Mortgage REITs finished lower this week as residential mREITs dipped 3.3% while commercial mREITs finished lower by 2.5%. Amid another quiet week of mREIT-related newsflow, the sector was pressured by uncertainty over the impact of a newly-announced CDC regulation to pause evictions, a patchwork relief measure after stimulus talks broke down last month which were expected to extend a federal moratorium on evictions from properties with federally backed mortgages. While regulatory relief measures have generally provided support for the mortgage markets over the last several months, the rather unprecedented White House order through the CDC comes after a series of surprising measures by the FHFA and does raise some eyebrows and set a regulatory precedent that appeared to spook some investors.
Residential mortgage REITs did rebound late in the week, however, after data from Black Knight (BKI) showed a continued improvement in the health of the mortgage market. The number of mortgages in active forbearance continued to decline throughout August and are now down about 1 million since the peak in May, a decline of more than 20%. Through the first four weeks of August, forbearance starts were down 13% month over month from the comparable four-week period in July, a pleasant surprise considering that many analysts had expected a reacceleration in forbearance starts after lawmakers were unable to extend several key stimulus measures.
We recently published our Mortgage REIT Earnings Recap. After 31 of 42 mREITs cut or suspended dividends from March through June, we haven’t seen any additional cuts since the start of July. However, only one mREIT, Arbor Realty (ABR), has raised distributions to rates above last year’s levels. Several residential mREITs have resumed or raised dividends after initially cutting including MFA Financial (MFA), Ellington Financial (EFC), Great Ajax (AJX), ARMOUR Residential (ARR), New Residential (NRZ), PennyMac Mortgage (PMT), and Two Harbors (TWO), but none of these distributions are back above pre-pandemic levels. We see the current distributions rates as relatively attractive with an average dividend yield of 8.0% for residential mREITs and 7.6% for commercial mREITs.
Last quarter, we published REIT Preferreds: Higher-Yield Without Excess Risk. The REIT Preferred ETF (PFFR) ended the week higher by 0.2%. The preferred issues from embattled mall REITs – CBL & Associates (CBL) and Pennsylvania REIT (PEI) were among the laggards this week as these REITs continue to teeter on the edge of bankruptcy. Among REITs that offer preferred shares, the performance of these securities has been an average of 18.9% higher in 2020 than their common shares. Preferred stocks generally offer more downside protection, but in exchange, these securities offer relatively limited upside potential outside of the limited number of “participating” preferred offerings that can be converted into common shares.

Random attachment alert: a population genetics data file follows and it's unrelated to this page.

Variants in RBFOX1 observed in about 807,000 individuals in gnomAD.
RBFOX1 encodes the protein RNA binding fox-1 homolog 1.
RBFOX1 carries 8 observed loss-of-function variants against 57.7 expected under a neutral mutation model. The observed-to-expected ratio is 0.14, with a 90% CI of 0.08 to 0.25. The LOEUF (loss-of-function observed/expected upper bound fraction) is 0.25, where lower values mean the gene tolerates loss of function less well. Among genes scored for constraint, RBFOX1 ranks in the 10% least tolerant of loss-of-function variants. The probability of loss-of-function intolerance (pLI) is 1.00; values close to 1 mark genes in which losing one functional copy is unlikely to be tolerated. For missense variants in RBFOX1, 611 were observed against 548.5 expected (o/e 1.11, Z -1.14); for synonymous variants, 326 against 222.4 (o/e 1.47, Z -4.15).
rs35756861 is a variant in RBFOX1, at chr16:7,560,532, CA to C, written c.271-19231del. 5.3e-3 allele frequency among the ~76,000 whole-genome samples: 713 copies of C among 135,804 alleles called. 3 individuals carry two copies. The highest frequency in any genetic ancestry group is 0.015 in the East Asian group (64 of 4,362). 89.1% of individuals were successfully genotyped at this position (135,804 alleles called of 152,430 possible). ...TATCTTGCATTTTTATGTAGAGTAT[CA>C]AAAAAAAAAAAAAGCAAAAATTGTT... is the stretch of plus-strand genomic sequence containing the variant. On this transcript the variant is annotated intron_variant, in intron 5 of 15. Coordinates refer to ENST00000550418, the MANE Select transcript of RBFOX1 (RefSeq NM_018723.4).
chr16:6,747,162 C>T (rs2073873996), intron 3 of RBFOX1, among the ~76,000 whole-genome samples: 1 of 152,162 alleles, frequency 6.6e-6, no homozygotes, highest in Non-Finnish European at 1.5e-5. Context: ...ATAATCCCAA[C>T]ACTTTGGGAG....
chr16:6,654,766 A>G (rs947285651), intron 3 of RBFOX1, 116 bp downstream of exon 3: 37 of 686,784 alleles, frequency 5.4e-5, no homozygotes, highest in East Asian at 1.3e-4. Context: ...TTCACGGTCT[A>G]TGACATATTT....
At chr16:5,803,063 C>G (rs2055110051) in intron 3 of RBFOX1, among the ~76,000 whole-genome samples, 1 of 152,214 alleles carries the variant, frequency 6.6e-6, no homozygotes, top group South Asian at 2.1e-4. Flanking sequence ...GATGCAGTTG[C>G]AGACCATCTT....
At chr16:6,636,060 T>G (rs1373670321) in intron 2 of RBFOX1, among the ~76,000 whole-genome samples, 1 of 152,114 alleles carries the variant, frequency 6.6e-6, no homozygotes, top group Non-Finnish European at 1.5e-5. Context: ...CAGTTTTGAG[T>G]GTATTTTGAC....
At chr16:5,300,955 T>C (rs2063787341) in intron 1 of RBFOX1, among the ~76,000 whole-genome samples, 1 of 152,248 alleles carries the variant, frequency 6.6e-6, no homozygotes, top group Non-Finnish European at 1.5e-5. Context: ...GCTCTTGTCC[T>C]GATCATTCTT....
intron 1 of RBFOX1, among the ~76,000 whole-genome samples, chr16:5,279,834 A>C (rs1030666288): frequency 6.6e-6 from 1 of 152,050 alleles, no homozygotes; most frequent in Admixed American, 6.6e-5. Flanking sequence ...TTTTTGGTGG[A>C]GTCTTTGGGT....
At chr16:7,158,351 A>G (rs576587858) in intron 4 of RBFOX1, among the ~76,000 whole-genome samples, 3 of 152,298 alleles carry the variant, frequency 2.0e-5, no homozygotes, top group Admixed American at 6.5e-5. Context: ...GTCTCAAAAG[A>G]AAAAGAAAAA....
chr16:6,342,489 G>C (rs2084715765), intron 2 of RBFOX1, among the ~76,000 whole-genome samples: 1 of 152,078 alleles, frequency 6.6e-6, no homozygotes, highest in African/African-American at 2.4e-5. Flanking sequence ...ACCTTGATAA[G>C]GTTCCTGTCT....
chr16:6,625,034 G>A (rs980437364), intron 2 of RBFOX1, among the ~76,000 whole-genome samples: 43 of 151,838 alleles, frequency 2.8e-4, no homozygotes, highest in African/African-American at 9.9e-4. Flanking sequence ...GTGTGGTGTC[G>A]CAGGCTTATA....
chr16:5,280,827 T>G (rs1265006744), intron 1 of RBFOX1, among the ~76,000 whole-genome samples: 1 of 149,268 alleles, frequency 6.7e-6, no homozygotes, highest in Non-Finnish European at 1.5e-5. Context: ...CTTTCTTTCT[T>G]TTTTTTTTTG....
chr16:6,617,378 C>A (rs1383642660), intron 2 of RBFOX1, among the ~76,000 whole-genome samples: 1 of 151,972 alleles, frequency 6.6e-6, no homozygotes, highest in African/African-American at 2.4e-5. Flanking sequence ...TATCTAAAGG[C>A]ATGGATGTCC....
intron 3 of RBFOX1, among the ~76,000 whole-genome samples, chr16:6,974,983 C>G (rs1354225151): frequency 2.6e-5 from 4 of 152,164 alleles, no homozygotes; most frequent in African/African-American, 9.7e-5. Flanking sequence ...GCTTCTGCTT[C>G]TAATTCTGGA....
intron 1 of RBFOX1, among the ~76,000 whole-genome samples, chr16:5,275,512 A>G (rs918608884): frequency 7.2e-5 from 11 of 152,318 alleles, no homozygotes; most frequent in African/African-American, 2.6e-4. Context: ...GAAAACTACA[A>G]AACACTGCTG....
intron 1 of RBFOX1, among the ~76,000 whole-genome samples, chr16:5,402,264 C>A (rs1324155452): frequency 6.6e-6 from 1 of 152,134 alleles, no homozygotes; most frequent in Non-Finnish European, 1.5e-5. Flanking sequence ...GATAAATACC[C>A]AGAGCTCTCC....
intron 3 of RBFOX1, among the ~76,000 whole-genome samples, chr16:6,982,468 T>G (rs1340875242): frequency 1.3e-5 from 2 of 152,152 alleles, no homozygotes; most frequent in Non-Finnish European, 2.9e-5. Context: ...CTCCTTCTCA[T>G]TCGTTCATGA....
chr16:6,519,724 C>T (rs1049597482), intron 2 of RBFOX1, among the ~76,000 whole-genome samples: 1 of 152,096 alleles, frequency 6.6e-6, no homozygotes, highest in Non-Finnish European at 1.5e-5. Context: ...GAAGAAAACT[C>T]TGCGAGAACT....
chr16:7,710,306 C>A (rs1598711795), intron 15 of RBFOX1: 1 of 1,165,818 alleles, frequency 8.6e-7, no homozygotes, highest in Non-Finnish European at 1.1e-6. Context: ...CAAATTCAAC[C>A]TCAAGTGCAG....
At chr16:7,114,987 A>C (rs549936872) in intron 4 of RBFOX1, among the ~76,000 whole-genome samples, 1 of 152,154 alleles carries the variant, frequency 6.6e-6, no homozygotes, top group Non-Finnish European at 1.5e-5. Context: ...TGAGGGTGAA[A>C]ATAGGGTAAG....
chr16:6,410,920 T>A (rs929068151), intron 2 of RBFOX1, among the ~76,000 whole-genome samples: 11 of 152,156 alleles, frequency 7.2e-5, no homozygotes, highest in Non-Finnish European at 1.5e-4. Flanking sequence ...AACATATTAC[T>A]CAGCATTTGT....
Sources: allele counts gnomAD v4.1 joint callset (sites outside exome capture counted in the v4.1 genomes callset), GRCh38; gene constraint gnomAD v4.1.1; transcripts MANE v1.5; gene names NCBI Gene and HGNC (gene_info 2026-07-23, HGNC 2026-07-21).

2020 Performance Check-Up
For the year, Equity REITs are now lower by roughly 15.9% and Mortgage REITs are off by 40.7% compared with the 6.4% gain on the S&P 500 and the 1.2% decline on the Dow Jones Industrial Average (DIA). Five of the eighteen REIT sectors are now in positive territory for the year while on the residential side, five of the eight U.S. housing industry sectors in the Hoya Capital Housing Index are in positive territory for the year. The gap between the best-performing REIT sector – data centers – and worst-performing REIT sector – malls – has closed over the last several weeks, but remains a whopping 71% in 2020. At 0.72%, the 10-year Treasury Yield has retreated by 120 basis points since the start of the year and is roughly 250 basis points below recent peak levels of 3.25% in late 2018.
Next Week’s Economic Calendar
The economic calendar slows down in the holiday-shortened week ahead after a frenetic slate of employment and housing data over the last two weeks. Inflation data highlights the slate of data with Producer Price Index data on Thursday and Consumer Price Index data on Friday. Inflation metrics showed signs of life in the prior month after most inflation metrics hit multi-decade lows in May and June. As usual, we’ll be watching the weekly Mortgage data on Wednesday and Jobless Claims data on Thursday for signs that the housing and employment recovery can continue into early autumn.
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Disclosure: I am/we are long HOMZ, AMT, ARE, AVB, BXMT, DRE, DLR, EFG, EQIX, FB, FR, MAR, MGP, NLY, NHI, NNN, PLD, REG, ROIC, SBRA, SPG, SRC, STOR, STWD, PSA, EXR, AMH, CUBE, ELS, MAA, UDR, SUI, CPT, NVR, EQR, INVH, ESS, PEAK, LEN, DHI, HST, AIV, MDC, ACC, PHM, TPH, MTH, WELL. I wrote this article myself, and it expresses my own opinions. I am not receiving compensation for it (other than from Seeking Alpha). I have no business relationship with any company whose stock is mentioned in this article.